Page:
DUELING REVIEW: The Shadow and the Star by Laura Kinsale, Part III
Note: I asked Janine to join me for this review and it turns out we had Thoughts. Many, many Thoughts. So many that we’ve split this review into three parts. You can find the earlier parts of our discussion below. –Jennie
Janine: Did the first time they have sex read as consensual to you?
Jennie: It’s interesting that you ask that because I did not see that scene as non-consensual. But I did feel that way about the “up against the wall” sex scene in the house in Hawaii.
Jennie: Leda falls in love with Samuel quickly; not surprising, perhaps, considering that he has the looks of Adonis and he rescues her from a life that was becoming untenable.
Janine: That’s enough to justify a crush, but I didn’t understand why her feelings went beyond that. He wasn’t sensitive to her needs. And maybe it was also because he didn’t appeal to me that I didn’t understand his appeal to Leda. I thought she could do better.
Jennie: I read some reviews that suggested that some readers don’t understand why Samuel came to love Leda, but I find Leda *so* lovable, personally. I don’t know if she’s really a faithful depiction of a sheltered Victorian lady, but she certainly felt like one to me.
Janine: A lot of people were sheltered or repressed in Victorian England so I found that aspect of her character believable. Like you, I thought she was lovable and worthy of being cherished. My gripe is more with Samuel for not appreciating her enough.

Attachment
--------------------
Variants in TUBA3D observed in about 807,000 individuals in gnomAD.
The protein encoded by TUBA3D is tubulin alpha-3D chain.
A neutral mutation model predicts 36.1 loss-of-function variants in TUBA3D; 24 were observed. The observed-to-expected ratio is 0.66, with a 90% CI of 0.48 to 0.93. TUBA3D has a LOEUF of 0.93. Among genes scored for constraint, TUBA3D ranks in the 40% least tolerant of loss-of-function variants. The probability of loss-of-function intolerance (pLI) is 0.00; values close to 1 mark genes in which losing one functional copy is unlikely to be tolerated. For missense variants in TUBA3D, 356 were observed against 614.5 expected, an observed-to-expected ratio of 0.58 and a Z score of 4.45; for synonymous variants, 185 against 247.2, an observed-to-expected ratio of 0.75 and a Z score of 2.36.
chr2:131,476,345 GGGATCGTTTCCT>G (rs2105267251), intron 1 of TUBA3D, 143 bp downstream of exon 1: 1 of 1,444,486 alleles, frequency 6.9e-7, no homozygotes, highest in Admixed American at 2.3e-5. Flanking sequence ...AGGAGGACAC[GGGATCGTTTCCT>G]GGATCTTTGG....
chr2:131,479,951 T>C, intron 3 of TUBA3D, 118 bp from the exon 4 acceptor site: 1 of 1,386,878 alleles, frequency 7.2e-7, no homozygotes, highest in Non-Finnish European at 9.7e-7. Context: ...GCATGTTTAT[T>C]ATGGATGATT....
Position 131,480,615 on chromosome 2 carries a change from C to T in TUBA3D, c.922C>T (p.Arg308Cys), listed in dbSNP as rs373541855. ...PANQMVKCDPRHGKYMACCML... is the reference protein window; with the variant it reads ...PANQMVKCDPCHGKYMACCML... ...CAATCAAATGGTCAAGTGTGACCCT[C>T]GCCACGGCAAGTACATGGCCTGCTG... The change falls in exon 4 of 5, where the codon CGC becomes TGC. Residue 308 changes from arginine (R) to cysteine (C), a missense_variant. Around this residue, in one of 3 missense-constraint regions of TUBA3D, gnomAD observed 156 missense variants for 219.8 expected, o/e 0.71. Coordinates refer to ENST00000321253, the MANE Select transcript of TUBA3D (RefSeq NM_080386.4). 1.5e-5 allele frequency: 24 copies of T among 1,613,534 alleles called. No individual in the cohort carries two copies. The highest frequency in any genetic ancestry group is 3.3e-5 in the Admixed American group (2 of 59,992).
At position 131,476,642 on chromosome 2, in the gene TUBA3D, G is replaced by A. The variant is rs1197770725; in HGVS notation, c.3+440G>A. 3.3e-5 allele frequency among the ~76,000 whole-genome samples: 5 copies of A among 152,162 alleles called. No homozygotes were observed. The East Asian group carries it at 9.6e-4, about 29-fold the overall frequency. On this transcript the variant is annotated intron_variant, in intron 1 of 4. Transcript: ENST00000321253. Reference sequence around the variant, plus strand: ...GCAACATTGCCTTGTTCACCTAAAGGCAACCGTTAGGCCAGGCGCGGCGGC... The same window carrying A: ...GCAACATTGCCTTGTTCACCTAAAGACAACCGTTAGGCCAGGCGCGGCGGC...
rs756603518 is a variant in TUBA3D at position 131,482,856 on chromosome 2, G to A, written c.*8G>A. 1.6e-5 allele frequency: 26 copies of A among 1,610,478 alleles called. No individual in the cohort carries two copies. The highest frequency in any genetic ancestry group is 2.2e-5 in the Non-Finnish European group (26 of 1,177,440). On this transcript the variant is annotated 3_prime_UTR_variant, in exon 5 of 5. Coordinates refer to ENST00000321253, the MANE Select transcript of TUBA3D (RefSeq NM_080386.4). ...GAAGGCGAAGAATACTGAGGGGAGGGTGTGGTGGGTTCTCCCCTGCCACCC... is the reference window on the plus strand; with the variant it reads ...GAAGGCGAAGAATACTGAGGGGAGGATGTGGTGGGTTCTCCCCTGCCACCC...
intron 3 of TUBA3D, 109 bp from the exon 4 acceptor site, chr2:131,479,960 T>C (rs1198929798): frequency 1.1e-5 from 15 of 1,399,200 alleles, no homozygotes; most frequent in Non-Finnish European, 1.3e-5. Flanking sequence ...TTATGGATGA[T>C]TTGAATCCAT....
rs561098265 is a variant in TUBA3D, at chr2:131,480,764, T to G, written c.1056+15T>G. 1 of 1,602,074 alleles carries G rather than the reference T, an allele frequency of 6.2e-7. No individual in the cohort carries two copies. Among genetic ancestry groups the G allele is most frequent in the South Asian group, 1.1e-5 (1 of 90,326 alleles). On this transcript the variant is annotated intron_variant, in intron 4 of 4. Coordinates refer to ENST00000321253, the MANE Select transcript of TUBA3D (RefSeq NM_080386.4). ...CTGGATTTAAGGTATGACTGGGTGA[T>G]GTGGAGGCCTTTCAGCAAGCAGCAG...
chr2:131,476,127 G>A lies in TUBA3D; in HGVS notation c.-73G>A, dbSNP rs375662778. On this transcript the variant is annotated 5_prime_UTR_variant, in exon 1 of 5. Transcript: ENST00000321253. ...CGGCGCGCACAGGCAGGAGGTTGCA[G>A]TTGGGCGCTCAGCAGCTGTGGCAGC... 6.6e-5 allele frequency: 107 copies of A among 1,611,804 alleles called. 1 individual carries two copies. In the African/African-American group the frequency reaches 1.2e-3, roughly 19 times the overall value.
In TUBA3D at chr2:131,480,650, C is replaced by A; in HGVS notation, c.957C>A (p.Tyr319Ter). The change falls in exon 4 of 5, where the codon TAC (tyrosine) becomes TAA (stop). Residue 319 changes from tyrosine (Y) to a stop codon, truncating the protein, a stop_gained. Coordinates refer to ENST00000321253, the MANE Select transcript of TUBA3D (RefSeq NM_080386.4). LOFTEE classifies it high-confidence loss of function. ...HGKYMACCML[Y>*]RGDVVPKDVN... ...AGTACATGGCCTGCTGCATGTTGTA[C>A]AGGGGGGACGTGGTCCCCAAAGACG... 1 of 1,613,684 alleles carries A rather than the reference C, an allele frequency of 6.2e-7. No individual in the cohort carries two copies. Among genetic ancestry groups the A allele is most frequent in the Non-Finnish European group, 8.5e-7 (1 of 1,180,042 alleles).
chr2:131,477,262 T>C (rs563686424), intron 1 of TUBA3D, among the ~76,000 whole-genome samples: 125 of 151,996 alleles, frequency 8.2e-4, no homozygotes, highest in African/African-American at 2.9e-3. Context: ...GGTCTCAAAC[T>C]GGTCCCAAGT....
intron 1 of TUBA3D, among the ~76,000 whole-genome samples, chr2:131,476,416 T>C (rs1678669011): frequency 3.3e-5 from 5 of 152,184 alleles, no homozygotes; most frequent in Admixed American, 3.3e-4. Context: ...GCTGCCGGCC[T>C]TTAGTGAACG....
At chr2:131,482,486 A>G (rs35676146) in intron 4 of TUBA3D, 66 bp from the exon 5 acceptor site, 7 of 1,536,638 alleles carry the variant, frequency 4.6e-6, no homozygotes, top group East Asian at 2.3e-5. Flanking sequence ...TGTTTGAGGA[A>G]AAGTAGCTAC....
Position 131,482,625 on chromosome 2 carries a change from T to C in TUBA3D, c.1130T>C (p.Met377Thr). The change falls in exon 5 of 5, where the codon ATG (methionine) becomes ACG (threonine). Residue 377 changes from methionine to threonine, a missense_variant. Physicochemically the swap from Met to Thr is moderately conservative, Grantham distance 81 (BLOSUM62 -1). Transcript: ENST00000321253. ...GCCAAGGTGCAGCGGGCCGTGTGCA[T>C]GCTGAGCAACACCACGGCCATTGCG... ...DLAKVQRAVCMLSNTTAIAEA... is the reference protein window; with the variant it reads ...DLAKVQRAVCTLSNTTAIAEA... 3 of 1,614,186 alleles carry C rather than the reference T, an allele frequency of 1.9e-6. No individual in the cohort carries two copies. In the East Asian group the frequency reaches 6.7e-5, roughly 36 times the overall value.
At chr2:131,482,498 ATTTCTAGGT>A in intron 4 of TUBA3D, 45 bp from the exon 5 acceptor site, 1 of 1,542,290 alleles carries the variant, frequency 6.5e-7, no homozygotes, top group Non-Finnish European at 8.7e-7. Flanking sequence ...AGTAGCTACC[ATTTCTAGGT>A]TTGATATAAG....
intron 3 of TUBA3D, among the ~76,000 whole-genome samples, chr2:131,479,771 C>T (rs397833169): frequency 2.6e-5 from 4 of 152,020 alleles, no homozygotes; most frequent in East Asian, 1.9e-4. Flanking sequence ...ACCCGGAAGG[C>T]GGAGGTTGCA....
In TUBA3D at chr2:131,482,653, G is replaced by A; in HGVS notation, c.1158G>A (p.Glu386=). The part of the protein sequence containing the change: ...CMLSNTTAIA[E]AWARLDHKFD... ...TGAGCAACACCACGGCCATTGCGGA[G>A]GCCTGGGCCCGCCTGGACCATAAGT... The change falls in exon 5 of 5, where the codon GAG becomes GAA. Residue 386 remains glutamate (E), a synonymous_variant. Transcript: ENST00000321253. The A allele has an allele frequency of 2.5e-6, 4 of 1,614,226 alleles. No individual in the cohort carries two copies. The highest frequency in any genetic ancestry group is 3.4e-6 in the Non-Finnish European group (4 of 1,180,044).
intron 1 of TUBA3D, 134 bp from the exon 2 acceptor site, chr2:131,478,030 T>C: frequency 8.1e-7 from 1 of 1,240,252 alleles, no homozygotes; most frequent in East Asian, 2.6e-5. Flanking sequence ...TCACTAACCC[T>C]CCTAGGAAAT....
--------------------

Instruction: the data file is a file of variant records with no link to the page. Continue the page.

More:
Janine: The book read like the author was more interested in the hero’s healing process than in the heroine’s happiness.
Jennie: I feel like that’s true of possibly the majority of romances I’ve read! (I mean, that doesn’t make it okay, but it certainly feels common, particularly in some older romances.)
Janine: That’s fair. Well, I disagree that it’s true of the majority, but it is true of a sizable swath. But (and this comes out not just out of my dissatisfaction with my recent experience of The Shadow and the Star but also out of other experiences of books that haven’t worked for me), I feel that in a romance, for the book to be effective, we have to be convinced that the heroine has triumphed. If we are disappointed in what she has won, if the promise of her future doesn’t seem as happy as we feel she deserves, then the romance aspect of the book has failed, wouldn’t you say?
Jennie: In most cases, yes. But there’s a substantial overlap between “romances that I have admired/liked” and “romances with ambiguous HEAs”, especially going back to my earlier days of romance reading. Kinsale, Judith Cuevas/Ivory and especially Megan Chance all have romances where I could say that the promise of a happy future is less than solid (especially for the heroine, though not exclusively).